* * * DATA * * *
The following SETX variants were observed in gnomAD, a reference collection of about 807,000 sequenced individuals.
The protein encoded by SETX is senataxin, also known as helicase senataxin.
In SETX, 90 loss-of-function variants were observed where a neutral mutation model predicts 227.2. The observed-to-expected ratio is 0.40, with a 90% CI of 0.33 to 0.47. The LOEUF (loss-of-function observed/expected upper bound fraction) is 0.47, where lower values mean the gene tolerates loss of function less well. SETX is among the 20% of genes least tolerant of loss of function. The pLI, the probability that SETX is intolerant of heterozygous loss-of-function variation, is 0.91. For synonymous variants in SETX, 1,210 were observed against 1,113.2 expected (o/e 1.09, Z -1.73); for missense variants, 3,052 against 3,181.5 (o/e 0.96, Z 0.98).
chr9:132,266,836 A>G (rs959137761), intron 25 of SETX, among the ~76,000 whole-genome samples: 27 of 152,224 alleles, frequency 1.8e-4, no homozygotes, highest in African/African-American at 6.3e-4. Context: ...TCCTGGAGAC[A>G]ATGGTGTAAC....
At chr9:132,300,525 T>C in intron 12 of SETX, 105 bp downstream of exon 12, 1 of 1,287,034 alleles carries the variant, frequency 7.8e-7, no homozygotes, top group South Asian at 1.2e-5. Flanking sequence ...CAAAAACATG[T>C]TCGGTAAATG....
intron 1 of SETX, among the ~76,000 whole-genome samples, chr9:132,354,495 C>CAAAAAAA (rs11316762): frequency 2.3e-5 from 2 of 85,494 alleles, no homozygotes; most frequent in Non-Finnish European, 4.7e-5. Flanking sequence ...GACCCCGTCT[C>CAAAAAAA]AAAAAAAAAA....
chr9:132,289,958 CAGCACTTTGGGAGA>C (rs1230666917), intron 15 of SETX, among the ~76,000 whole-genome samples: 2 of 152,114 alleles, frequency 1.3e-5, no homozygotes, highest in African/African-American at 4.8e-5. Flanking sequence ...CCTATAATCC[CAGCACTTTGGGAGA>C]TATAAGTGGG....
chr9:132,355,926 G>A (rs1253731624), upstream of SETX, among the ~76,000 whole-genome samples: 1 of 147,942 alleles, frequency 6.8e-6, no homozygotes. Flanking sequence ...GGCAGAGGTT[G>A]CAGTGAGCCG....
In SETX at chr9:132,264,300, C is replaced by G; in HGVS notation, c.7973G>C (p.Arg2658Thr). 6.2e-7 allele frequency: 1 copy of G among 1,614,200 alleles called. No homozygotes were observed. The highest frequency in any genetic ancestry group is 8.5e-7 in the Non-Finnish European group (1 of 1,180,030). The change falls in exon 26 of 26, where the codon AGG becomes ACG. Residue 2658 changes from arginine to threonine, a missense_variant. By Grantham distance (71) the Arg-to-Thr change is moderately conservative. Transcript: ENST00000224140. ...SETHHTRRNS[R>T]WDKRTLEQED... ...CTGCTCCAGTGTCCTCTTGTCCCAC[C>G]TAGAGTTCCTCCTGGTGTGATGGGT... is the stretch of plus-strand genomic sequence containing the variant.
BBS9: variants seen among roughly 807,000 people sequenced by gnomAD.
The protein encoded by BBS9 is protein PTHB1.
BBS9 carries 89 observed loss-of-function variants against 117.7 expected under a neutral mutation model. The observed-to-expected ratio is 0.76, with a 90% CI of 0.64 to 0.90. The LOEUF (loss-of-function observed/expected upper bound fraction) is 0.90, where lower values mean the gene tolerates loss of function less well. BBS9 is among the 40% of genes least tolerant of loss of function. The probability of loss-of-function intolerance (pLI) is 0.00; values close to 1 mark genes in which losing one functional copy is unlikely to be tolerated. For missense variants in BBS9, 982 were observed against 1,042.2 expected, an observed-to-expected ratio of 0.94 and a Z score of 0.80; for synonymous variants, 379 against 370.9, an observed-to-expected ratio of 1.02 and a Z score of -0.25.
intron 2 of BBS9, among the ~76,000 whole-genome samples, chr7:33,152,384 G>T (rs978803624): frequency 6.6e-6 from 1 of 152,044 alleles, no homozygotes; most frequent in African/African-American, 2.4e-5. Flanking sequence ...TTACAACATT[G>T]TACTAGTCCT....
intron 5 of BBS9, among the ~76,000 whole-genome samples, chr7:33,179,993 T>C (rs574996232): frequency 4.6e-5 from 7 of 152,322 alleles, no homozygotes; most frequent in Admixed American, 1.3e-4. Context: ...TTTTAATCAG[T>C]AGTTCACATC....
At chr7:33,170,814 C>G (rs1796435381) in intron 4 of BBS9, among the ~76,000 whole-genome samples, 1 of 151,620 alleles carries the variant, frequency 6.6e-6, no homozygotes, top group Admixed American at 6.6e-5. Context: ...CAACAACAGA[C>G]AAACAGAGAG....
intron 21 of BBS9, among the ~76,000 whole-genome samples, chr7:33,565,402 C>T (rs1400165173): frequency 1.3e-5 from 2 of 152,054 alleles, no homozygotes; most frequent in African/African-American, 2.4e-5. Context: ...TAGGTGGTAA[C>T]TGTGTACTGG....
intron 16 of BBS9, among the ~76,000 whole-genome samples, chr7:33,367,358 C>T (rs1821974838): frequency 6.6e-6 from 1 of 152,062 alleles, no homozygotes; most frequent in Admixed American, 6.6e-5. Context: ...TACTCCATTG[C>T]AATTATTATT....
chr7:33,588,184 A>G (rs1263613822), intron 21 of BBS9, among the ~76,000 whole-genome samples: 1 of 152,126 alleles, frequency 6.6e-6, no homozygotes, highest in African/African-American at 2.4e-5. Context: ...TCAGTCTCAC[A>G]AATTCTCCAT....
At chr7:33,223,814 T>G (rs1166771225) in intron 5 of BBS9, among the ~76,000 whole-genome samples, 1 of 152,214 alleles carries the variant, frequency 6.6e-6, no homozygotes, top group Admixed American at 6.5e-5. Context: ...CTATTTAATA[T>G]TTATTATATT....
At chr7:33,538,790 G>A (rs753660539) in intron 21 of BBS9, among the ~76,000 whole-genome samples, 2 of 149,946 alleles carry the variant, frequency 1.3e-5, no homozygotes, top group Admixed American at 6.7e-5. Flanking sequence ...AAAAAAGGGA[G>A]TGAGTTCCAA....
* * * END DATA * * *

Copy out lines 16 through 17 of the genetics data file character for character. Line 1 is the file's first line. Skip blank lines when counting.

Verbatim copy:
intron 21 of BBS9, among the ~76,000 whole-genome samples, chr7:33,565,402 C>T (rs1400165173): frequency 1.3e-5 from 2 of 152,054 alleles, no homozygotes; most frequent in African/African-American, 2.4e-5. Context: ...TAGGTGGTAA[C>T]TGTGTACTGG....
intron 16 of BBS9, among the ~76,000 whole-genome samples, chr7:33,367,358 C>T (rs1821974838): frequency 6.6e-6 from 1 of 152,062 alleles, no homozygotes; most frequent in Admixed American, 6.6e-5. Context: ...TACTCCATTG[C>T]AATTATTATT....